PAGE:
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Proposal to require facial recognition for US citizens at airports dropped

US Customs and Border Protection will rescind its plan.

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A boarding passenger goes through a biometric facial recognition scanner at Dulles Airport in 2018. CBP says it won't pursue a rule to require US citizens to go through the scans.

Bill O'Leary/The Washington Post via Getty Images

US Customs and Border Protection said Thursday it will drop its plans to require that US citizens go through a biometric face scan when entering or exiting the country. Currently, citizens have the right to opt out of the scans, but a proposed rule indicated the agency was planning to make the program mandatory for all travelers.

The proposed rule was first published in spring 2018 in the Unified Agenda of Regulatory and Deregulatory Actions, a compendium the Executive Office of the President publishes every three months. A rule-making process that allows for public comment typically follows before a proposal can become a new regulation. The CBP's proposal was republished this fall, leading TechCrunch to ask the agency if it was still pursuing the rule.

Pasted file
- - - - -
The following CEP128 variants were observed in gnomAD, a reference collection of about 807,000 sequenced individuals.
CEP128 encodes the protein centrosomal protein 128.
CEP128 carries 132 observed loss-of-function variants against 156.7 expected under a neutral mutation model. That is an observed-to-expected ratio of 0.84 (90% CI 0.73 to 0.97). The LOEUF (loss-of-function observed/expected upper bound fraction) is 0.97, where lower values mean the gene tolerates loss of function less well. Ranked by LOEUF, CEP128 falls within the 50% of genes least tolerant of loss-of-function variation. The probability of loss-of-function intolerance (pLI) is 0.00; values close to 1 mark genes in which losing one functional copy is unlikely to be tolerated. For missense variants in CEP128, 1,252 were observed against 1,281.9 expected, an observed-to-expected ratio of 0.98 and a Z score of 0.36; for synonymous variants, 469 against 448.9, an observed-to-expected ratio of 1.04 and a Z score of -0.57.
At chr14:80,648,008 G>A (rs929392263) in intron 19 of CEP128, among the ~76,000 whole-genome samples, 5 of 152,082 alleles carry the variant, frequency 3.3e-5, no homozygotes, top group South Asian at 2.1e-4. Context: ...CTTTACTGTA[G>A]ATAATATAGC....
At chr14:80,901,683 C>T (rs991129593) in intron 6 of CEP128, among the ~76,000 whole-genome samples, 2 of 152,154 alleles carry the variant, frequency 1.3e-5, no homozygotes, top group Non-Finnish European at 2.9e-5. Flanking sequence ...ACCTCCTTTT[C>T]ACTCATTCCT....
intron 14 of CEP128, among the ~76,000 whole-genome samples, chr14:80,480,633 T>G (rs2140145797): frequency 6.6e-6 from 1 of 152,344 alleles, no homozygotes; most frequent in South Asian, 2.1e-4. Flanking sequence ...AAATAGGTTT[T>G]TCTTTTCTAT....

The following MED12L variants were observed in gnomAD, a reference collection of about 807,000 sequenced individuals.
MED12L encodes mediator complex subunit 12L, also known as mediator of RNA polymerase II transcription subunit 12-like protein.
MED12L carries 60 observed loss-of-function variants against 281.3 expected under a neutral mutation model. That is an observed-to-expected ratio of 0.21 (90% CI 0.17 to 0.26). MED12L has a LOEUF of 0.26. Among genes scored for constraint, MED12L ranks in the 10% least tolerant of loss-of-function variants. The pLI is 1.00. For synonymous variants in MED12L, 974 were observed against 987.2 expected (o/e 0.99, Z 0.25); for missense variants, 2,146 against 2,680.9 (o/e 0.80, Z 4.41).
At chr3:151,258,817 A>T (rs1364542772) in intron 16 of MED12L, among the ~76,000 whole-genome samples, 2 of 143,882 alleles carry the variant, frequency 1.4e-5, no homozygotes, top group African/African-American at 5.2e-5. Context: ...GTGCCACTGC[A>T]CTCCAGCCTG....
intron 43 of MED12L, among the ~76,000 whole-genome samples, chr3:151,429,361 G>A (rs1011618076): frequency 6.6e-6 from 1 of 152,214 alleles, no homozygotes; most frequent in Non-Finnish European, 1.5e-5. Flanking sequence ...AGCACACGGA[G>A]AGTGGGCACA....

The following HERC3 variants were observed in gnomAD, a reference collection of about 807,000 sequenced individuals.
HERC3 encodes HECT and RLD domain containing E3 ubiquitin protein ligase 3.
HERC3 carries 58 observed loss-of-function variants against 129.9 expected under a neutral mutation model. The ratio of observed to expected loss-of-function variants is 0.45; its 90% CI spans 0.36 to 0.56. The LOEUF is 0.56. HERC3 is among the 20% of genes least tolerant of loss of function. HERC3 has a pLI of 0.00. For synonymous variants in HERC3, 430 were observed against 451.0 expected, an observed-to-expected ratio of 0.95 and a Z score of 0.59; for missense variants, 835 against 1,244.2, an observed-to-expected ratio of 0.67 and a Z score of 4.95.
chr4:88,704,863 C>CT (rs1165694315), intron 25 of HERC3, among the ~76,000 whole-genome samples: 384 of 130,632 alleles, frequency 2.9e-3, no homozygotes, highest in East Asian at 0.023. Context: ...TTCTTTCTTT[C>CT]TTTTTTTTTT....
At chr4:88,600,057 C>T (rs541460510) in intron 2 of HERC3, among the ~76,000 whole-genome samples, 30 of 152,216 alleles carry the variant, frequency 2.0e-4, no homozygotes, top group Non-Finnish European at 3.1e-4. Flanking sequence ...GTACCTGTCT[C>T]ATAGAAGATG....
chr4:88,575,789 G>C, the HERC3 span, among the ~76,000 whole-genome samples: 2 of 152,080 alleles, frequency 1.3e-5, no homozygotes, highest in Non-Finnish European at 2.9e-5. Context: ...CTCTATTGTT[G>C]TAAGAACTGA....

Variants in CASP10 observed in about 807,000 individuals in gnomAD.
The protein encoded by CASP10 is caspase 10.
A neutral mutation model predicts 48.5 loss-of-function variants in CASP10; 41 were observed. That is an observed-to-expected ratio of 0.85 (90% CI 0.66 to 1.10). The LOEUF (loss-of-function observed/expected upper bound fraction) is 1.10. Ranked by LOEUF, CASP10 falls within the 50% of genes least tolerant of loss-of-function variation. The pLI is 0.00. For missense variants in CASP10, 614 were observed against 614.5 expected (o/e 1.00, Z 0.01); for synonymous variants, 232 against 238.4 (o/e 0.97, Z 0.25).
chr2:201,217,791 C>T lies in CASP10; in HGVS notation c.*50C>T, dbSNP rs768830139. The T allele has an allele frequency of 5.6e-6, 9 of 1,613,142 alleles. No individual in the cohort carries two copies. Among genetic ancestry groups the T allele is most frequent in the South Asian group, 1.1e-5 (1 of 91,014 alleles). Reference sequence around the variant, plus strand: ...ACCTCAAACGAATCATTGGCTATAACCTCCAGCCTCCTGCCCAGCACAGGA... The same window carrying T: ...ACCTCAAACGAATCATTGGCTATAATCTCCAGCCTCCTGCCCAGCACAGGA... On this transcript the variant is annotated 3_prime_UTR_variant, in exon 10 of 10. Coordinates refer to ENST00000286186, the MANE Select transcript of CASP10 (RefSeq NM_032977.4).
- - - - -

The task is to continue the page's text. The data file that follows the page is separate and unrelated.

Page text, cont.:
"There are no current plans to require US citizens to provide photographs upon entry and exit from the United States," the agency said in a statement. "CBP intends to have the planned regulatory action regarding US citizens removed from the unified agenda next time it is published."

The biometric exit program has expanded to at least 17 airports, and CBP plans to have it scan 97 percent of outbound passengers by 2021. The system scans passengers faces just before boarding airplanes, looking for passengers who don't match passport photos and other government documents.

The technology promises to speed international travelers through airports, but privacy advocates have raised concerns. The concerns include high rates of false negatives for women and people of color, and whether there are sufficient checks on how the biometric data can be used by government agencies.

The system keeps photos of US citizens for 12 hours. It keeps non-citizen photos for 14 days, but also shares them with the DHS database called IDENT, which stores photos for 75 years.

In a statement, ACLU policy analyst Jay Stanley said the rule should never have been proposed to begin with. What's more, he said, the technology continues to raise major privacy concerns even if the rule isn't approved.

"The government cannot be trusted with this surveillance technology," Stanley said, "and Congress should put the brakes on its use."